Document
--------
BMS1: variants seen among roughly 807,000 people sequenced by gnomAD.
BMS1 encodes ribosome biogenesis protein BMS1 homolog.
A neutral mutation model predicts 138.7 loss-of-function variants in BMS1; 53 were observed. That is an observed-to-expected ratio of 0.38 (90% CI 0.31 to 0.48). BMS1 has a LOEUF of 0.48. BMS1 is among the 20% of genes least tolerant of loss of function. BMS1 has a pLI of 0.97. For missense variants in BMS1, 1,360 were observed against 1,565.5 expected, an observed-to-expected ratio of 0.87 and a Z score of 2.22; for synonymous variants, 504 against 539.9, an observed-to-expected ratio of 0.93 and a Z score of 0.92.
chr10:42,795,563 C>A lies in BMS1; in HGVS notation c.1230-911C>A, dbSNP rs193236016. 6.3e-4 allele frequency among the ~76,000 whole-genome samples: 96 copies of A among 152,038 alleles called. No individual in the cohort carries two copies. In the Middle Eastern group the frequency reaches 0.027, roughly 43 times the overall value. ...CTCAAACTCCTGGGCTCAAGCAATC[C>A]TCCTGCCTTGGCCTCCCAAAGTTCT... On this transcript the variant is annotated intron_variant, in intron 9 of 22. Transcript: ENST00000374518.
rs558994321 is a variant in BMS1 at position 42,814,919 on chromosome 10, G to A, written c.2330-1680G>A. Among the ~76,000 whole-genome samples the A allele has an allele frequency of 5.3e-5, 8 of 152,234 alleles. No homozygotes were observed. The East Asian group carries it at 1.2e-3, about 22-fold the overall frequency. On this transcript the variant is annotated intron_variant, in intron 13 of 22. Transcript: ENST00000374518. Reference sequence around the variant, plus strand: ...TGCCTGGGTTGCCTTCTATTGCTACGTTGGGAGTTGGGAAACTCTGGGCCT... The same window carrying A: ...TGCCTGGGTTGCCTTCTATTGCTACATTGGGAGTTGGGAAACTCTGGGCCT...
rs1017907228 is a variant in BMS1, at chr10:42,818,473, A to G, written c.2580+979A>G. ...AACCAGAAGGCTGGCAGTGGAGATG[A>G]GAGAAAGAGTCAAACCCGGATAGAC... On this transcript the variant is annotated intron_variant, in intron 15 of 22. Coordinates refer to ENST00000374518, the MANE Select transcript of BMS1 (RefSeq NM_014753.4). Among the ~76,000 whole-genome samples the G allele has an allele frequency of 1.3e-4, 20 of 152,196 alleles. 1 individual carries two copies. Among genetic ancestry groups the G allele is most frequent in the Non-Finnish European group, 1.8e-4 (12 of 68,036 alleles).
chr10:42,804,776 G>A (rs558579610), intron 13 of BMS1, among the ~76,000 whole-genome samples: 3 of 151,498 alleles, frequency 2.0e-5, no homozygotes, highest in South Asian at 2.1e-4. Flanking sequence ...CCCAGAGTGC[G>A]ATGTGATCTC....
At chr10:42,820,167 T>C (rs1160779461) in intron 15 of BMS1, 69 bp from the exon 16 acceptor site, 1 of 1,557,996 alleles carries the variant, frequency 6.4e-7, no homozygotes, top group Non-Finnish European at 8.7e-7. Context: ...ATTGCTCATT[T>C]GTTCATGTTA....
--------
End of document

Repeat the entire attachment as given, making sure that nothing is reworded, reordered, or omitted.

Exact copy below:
BMS1: variants seen among roughly 807,000 people sequenced by gnomAD.
BMS1 encodes ribosome biogenesis protein BMS1 homolog.
A neutral mutation model predicts 138.7 loss-of-function variants in BMS1; 53 were observed. That is an observed-to-expected ratio of 0.38 (90% CI 0.31 to 0.48). BMS1 has a LOEUF of 0.48. BMS1 is among the 20% of genes least tolerant of loss of function. BMS1 has a pLI of 0.97. For missense variants in BMS1, 1,360 were observed against 1,565.5 expected, an observed-to-expected ratio of 0.87 and a Z score of 2.22; for synonymous variants, 504 against 539.9, an observed-to-expected ratio of 0.93 and a Z score of 0.92.
chr10:42,795,563 C>A lies in BMS1; in HGVS notation c.1230-911C>A, dbSNP rs193236016. 6.3e-4 allele frequency among the ~76,000 whole-genome samples: 96 copies of A among 152,038 alleles called. No individual in the cohort carries two copies. In the Middle Eastern group the frequency reaches 0.027, roughly 43 times the overall value. ...CTCAAACTCCTGGGCTCAAGCAATC[C>A]TCCTGCCTTGGCCTCCCAAAGTTCT... On this transcript the variant is annotated intron_variant, in intron 9 of 22. Transcript: ENST00000374518.
rs558994321 is a variant in BMS1 at position 42,814,919 on chromosome 10, G to A, written c.2330-1680G>A. Among the ~76,000 whole-genome samples the A allele has an allele frequency of 5.3e-5, 8 of 152,234 alleles. No homozygotes were observed. The East Asian group carries it at 1.2e-3, about 22-fold the overall frequency. On this transcript the variant is annotated intron_variant, in intron 13 of 22. Transcript: ENST00000374518. Reference sequence around the variant, plus strand: ...TGCCTGGGTTGCCTTCTATTGCTACGTTGGGAGTTGGGAAACTCTGGGCCT... The same window carrying A: ...TGCCTGGGTTGCCTTCTATTGCTACATTGGGAGTTGGGAAACTCTGGGCCT...
rs1017907228 is a variant in BMS1, at chr10:42,818,473, A to G, written c.2580+979A>G. ...AACCAGAAGGCTGGCAGTGGAGATG[A>G]GAGAAAGAGTCAAACCCGGATAGAC... On this transcript the variant is annotated intron_variant, in intron 15 of 22. Coordinates refer to ENST00000374518, the MANE Select transcript of BMS1 (RefSeq NM_014753.4). Among the ~76,000 whole-genome samples the G allele has an allele frequency of 1.3e-4, 20 of 152,196 alleles. 1 individual carries two copies. Among genetic ancestry groups the G allele is most frequent in the Non-Finnish European group, 1.8e-4 (12 of 68,036 alleles).
chr10:42,804,776 G>A (rs558579610), intron 13 of BMS1, among the ~76,000 whole-genome samples: 3 of 151,498 alleles, frequency 2.0e-5, no homozygotes, highest in South Asian at 2.1e-4. Flanking sequence ...CCCAGAGTGC[G>A]ATGTGATCTC....
At chr10:42,820,167 T>C (rs1160779461) in intron 15 of BMS1, 69 bp from the exon 16 acceptor site, 1 of 1,557,996 alleles carries the variant, frequency 6.4e-7, no homozygotes, top group Non-Finnish European at 8.7e-7. Context: ...ATTGCTCATT[T>C]GTTCATGTTA....